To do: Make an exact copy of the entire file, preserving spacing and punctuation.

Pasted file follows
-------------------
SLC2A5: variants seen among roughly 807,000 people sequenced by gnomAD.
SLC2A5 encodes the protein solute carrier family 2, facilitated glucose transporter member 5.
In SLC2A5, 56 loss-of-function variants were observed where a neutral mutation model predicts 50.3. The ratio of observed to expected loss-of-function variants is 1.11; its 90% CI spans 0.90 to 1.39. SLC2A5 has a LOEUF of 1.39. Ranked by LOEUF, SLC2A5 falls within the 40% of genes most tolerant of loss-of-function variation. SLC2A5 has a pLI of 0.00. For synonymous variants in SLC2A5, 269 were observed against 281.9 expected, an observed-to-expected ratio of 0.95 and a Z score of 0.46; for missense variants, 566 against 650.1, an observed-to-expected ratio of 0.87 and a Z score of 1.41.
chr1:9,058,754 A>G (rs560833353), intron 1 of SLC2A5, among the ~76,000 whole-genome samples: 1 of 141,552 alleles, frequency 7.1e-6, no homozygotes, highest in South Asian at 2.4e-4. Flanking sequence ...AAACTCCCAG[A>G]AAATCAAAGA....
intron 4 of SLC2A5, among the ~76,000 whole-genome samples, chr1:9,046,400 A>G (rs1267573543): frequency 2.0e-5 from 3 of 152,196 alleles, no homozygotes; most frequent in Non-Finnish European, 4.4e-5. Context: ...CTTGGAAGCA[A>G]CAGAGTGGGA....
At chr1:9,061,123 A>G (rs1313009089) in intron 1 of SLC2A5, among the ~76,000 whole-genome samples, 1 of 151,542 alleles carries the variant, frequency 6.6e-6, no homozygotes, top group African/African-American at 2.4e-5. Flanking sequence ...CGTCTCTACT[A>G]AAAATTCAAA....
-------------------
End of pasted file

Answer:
SLC2A5: variants seen among roughly 807,000 people sequenced by gnomAD.
SLC2A5 encodes the protein solute carrier family 2, facilitated glucose transporter member 5.
In SLC2A5, 56 loss-of-function variants were observed where a neutral mutation model predicts 50.3. The ratio of observed to expected loss-of-function variants is 1.11; its 90% CI spans 0.90 to 1.39. SLC2A5 has a LOEUF of 1.39. Ranked by LOEUF, SLC2A5 falls within the 40% of genes most tolerant of loss-of-function variation. SLC2A5 has a pLI of 0.00. For synonymous variants in SLC2A5, 269 were observed against 281.9 expected, an observed-to-expected ratio of 0.95 and a Z score of 0.46; for missense variants, 566 against 650.1, an observed-to-expected ratio of 0.87 and a Z score of 1.41.
chr1:9,058,754 A>G (rs560833353), intron 1 of SLC2A5, among the ~76,000 whole-genome samples: 1 of 141,552 alleles, frequency 7.1e-6, no homozygotes, highest in South Asian at 2.4e-4. Flanking sequence ...AAACTCCCAG[A>G]AAATCAAAGA....
intron 4 of SLC2A5, among the ~76,000 whole-genome samples, chr1:9,046,400 A>G (rs1267573543): frequency 2.0e-5 from 3 of 152,196 alleles, no homozygotes; most frequent in Non-Finnish European, 4.4e-5. Context: ...CTTGGAAGCA[A>G]CAGAGTGGGA....
At chr1:9,061,123 A>G (rs1313009089) in intron 1 of SLC2A5, among the ~76,000 whole-genome samples, 1 of 151,542 alleles carries the variant, frequency 6.6e-6, no homozygotes, top group African/African-American at 2.4e-5. Flanking sequence ...CGTCTCTACT[A>G]AAAATTCAAA....